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# Why do we need vector embeddings in NLP?

## Evolution of Vector Embeddings

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- Most ML algorithms can only take low-dimensional numerical data as inputs. Why? → Faster for computation.
- That means we must transform non-numeric variables (ex. items and users) into numbers and vectors.
- We could try to represent items by numerical values as it is, however, neural networks treat numerical inputs as continuous variables. That means higher numbers have greater significance than lower numbers.
It also sees numbers that are similar as being similar items. This makes perfect sense for a field like “age” but is nonsensical when the numbers represent a categorical variable.

One-hot encoding works in turning a category into a set of continuous variables, but we literally end up with a huge vector of 0s with a single or a handful of 1’s (Sparse Vectors), creates an unmanageable number of dimensions.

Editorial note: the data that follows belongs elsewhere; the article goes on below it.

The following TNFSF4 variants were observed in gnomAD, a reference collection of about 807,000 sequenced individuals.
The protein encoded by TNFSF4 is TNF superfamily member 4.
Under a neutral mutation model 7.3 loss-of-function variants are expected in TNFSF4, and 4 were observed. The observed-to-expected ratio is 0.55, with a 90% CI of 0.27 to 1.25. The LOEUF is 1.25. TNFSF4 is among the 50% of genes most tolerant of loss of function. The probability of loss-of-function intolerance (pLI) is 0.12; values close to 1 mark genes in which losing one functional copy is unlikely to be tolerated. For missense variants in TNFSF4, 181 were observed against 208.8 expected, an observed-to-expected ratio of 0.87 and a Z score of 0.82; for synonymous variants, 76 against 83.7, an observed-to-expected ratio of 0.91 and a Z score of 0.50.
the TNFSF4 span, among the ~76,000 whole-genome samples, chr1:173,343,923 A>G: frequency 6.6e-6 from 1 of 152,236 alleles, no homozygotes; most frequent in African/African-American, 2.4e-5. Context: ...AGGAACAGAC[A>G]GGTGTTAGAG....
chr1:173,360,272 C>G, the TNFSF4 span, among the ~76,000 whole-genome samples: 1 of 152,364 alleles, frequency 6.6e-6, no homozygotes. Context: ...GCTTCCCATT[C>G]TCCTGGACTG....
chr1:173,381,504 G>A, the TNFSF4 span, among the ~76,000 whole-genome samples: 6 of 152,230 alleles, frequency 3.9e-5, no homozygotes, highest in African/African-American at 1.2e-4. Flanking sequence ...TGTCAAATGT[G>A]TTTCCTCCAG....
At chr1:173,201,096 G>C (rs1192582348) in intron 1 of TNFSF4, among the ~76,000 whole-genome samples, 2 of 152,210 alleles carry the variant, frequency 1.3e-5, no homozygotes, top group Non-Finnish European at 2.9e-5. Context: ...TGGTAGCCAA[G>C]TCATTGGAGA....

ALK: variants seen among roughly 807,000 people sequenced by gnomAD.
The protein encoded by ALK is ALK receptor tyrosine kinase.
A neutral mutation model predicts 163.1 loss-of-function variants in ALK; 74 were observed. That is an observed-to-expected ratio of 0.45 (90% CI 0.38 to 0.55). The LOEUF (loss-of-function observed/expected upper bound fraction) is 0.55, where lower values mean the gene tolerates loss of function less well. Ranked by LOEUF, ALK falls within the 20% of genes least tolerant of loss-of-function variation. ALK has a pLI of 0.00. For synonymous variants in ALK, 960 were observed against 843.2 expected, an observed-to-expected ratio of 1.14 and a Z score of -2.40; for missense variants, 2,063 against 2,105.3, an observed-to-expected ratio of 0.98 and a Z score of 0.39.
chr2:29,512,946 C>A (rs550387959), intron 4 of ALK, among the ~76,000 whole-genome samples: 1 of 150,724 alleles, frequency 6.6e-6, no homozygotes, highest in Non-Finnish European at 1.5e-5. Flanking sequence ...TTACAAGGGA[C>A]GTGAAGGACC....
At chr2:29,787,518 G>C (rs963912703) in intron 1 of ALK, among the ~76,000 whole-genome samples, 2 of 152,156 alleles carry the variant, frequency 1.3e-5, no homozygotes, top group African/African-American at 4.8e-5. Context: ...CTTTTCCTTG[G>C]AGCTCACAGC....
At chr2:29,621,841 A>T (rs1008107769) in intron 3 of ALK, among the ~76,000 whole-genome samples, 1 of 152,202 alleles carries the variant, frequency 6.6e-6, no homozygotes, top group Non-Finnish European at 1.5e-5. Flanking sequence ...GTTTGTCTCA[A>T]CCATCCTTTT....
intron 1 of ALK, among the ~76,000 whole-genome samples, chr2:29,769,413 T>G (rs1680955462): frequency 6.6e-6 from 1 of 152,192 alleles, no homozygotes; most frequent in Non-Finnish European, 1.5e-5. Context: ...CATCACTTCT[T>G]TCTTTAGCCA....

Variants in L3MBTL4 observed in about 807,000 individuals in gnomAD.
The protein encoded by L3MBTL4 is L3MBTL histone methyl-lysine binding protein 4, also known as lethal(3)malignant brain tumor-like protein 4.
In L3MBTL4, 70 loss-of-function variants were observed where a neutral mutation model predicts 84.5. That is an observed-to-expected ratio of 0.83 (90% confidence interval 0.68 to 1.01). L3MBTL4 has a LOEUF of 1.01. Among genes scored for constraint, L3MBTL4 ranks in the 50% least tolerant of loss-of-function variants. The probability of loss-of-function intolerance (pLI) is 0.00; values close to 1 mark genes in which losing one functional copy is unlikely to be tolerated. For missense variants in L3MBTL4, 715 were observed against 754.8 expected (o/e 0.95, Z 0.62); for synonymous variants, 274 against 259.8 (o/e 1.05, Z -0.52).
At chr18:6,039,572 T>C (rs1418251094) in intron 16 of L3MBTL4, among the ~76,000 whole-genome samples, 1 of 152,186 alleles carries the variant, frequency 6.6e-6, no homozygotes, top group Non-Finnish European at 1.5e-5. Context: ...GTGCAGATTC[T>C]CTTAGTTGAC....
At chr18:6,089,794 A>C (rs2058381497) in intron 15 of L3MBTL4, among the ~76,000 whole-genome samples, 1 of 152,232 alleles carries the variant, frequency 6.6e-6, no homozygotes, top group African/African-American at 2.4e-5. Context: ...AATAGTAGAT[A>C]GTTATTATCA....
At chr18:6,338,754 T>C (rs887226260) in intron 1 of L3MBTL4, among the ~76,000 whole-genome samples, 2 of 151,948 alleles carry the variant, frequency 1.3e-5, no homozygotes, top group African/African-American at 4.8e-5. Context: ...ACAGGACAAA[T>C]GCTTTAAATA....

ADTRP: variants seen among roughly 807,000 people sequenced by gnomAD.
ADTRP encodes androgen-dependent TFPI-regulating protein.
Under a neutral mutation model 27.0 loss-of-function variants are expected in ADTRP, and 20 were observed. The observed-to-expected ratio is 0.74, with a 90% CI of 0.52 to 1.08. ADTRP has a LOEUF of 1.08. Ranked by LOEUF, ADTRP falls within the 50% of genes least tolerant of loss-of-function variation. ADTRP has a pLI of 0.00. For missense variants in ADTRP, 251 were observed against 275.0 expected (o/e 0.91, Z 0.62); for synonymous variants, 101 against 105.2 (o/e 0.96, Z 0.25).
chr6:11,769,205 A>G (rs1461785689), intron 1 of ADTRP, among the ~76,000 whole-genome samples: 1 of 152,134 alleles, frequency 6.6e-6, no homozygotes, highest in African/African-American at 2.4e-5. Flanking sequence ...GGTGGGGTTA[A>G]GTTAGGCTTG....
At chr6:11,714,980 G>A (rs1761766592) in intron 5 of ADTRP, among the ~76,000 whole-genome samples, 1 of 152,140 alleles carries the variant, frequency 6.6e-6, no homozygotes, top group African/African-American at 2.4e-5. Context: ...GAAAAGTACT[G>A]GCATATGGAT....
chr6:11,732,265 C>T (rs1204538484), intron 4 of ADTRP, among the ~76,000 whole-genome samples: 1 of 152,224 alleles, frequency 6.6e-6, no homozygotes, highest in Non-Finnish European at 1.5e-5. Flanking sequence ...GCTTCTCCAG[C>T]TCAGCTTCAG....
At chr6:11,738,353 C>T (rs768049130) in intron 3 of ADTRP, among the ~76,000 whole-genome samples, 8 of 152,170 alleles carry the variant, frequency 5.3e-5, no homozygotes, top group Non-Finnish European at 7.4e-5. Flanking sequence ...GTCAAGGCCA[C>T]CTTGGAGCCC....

- Since each item is technically equidistant in vector space, it omits context around similarity. As a result, we have no way of evaluating the relationship between the two entities.
- We could generate more one-to-one mappings, or attempt to group them and look for similarities. This requires extensive work and manual labeling that’s typically infeasible.
- Embeddings are dense (no/fewer 0s) numerical representations of real-world objects and relationships, expressed as a vector.
- The vector space quantifies the semantic similarity between categories. Embedding vectors that are close to each other are considered similar.
- Sometimes, they are used directly for the “Similar items to this” section in an e-commerce store. Other times, embeddings are passed to other models. In those cases, the model can share learnings across similar items rather than treating them as two completely unique categories, as is the case with one-hot encodings.
- For this reason, embeddings can be used to accurately represent sparse data like clickstreams, text, and e-commerce purchases as features to downstream models.
- On the other hand, embeddings are much more expensive to compute than one-hot encodings and are far less interpretable.